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J Clin Endocrinol Metab. 1992 Aug;75(2):494-501.

Influence of vitamin D on parathyroid function in the elderly.

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  • 1Endocrinology Unit, Hospital Regional Universitario Reina Sofia, Cordoba, Spain.


The effect of age and vitamin D status on parathyroid function was studied in 129 healthy subjects between 20 and 89 yr old, with normal serum creatinine (less than 0.11 mmol/L), and living in Cordoba, Spain. Serum calcium and phosphorus as well as 25-hydroxyvitamin D (25OHD) and 1,25-dihydroxyvitamin D [1,25-(OH)2D] decreased, whereas serum alkaline phosphatase increased, with age. Serum PTH also increased significantly with age when measured with either a carboxyl-terminal (cPTH) or an intact [PTH(1-84)] assay. The increase in cPTH, however, exceeded largely the increase in PTH(1-84) (+120% and +30% in subjects above 80 yr vs. young adults, respectively). Serum PTH(1-84) was negatively correlated with serum (ionized) calcium, 25OHD, and insulin-like growth factor I (IGF-I) but not with serum 1,25-(OH)2D. Serum 1,25-(OH)2D decreased with age and was highly correlated with serum 25OHD, cPTH, and IGF-I. In multiple regression analysis 50-60% of the variation of total and free 1,25-(OH)2D could be explained by serum 25OHD, PTH(1-84), and especially IGF-I, suggesting a possible role of decreasing GH and IGF-I concentrations in the mineral homeostasis of the elderly. Calcium infusion (1.5 mg/kg body weight over 10 min) decreased serum PTH(1-84) to below normal concentrations in young adults (nadir 14% of basal concentration), whereas the nadir in elderly subjects with secondary hyperparathyroidism was only 32% of basal concentration. The relative decrease was, however, identical in both age groups when simultaneous changes in ionized calcium were taken into account. Basal serum PTH(1-84) in selected elderly subjects (50 +/- 10 ng/L or 5 +/- 1 pmol/L, n = 10) decreased significantly (2.7 +/- 0.9 pmol/L, P less than 0.01) after 3 iv injections of 1,25-(OH)2D during 1 week without changes in serum (ionized) calcium. The PTH suppressibility after calcium infusion did not further improve.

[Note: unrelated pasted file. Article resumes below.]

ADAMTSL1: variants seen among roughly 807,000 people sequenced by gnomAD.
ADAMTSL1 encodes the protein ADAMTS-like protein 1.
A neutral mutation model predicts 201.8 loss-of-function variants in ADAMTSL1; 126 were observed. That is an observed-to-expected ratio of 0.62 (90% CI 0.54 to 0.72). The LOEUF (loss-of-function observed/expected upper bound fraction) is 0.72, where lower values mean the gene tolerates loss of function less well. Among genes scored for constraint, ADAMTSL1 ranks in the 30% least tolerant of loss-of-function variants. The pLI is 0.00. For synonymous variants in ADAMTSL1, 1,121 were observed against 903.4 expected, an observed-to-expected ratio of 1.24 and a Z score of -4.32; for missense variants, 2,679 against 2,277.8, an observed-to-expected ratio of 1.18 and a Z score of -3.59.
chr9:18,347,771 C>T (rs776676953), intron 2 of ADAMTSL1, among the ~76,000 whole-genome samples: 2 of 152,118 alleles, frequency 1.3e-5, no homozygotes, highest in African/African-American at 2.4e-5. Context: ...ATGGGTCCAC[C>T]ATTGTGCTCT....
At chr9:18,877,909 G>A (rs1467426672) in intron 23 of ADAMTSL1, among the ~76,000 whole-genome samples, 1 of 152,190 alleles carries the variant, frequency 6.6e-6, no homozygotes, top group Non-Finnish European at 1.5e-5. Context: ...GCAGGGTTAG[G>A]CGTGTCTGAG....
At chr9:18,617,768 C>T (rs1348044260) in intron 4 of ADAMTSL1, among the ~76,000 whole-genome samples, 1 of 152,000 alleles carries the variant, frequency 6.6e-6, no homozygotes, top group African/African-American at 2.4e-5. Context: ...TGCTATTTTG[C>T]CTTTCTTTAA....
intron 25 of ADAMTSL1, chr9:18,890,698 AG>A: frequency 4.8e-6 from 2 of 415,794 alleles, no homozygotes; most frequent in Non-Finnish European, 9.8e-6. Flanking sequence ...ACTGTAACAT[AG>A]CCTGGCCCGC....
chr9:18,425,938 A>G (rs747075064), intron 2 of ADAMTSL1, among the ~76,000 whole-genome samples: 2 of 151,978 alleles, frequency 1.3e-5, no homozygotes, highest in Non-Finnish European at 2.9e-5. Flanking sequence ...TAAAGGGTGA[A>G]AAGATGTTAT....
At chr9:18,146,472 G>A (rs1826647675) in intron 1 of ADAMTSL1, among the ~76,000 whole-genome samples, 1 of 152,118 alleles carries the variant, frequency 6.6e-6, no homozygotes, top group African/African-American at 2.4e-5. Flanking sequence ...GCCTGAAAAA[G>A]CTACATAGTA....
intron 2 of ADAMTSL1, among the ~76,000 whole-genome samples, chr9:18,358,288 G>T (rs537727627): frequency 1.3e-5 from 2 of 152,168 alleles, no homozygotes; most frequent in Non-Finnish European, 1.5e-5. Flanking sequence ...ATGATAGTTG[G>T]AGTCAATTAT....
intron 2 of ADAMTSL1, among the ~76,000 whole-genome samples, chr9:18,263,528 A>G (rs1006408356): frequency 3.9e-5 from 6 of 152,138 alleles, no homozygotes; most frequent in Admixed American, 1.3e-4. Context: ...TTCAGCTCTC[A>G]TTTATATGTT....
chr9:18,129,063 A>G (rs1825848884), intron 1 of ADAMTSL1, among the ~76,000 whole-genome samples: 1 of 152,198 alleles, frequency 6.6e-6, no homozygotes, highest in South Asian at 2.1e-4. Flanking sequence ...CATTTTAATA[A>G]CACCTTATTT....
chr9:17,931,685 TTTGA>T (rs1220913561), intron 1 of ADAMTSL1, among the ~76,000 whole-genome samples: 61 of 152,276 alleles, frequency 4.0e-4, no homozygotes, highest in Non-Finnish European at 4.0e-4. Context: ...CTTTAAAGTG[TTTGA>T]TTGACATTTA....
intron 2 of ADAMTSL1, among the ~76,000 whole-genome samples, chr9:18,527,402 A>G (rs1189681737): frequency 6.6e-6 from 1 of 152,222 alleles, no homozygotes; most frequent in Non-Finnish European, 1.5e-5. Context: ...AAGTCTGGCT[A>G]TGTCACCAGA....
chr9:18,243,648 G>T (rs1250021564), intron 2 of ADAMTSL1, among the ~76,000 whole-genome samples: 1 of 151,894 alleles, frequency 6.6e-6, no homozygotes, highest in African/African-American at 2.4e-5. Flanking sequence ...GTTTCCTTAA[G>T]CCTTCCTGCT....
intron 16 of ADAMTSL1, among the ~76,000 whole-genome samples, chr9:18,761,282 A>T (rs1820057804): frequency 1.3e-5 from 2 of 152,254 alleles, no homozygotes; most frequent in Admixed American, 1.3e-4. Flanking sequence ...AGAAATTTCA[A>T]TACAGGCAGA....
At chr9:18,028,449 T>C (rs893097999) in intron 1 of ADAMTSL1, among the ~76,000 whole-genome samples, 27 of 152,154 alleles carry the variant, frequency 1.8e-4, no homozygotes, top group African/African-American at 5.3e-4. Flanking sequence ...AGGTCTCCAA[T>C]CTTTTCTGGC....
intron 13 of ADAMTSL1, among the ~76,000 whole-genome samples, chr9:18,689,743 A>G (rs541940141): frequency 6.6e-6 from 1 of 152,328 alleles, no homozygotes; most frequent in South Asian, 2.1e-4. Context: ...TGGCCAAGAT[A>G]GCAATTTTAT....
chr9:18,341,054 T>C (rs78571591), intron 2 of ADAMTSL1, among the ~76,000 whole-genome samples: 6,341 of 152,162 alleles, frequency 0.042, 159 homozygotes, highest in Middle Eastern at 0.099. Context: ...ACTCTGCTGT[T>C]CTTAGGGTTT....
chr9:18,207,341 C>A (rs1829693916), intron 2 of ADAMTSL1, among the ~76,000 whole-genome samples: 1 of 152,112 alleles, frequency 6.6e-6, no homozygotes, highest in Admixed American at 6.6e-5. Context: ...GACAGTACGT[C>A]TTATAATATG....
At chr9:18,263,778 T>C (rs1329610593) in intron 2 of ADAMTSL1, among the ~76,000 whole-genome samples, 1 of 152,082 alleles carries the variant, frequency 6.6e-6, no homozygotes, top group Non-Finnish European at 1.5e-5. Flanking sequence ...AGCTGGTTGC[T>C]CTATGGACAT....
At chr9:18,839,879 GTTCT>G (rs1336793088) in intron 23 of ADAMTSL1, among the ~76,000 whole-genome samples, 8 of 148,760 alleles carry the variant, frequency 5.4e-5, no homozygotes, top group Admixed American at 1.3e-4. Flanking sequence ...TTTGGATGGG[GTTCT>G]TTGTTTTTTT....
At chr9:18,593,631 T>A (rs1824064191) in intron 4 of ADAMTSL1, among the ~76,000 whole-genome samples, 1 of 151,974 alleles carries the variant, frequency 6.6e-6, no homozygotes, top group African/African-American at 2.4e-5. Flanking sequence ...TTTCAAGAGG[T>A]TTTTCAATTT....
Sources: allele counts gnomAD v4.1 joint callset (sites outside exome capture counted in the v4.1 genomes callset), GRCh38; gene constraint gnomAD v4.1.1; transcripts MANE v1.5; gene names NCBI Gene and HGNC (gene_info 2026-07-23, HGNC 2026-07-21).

elderly patients with normal serum creatinine had a small (+30%) but significant increase in intact serum PTH concentration but the mean concentration still remained within the normal range. The PTH secretion remained normally suppressible by acute calcium infusion. Treatment with 1,25-(OH)2D decreased basal calcium-PTH setpoint without further additional effects during calcium infusion.

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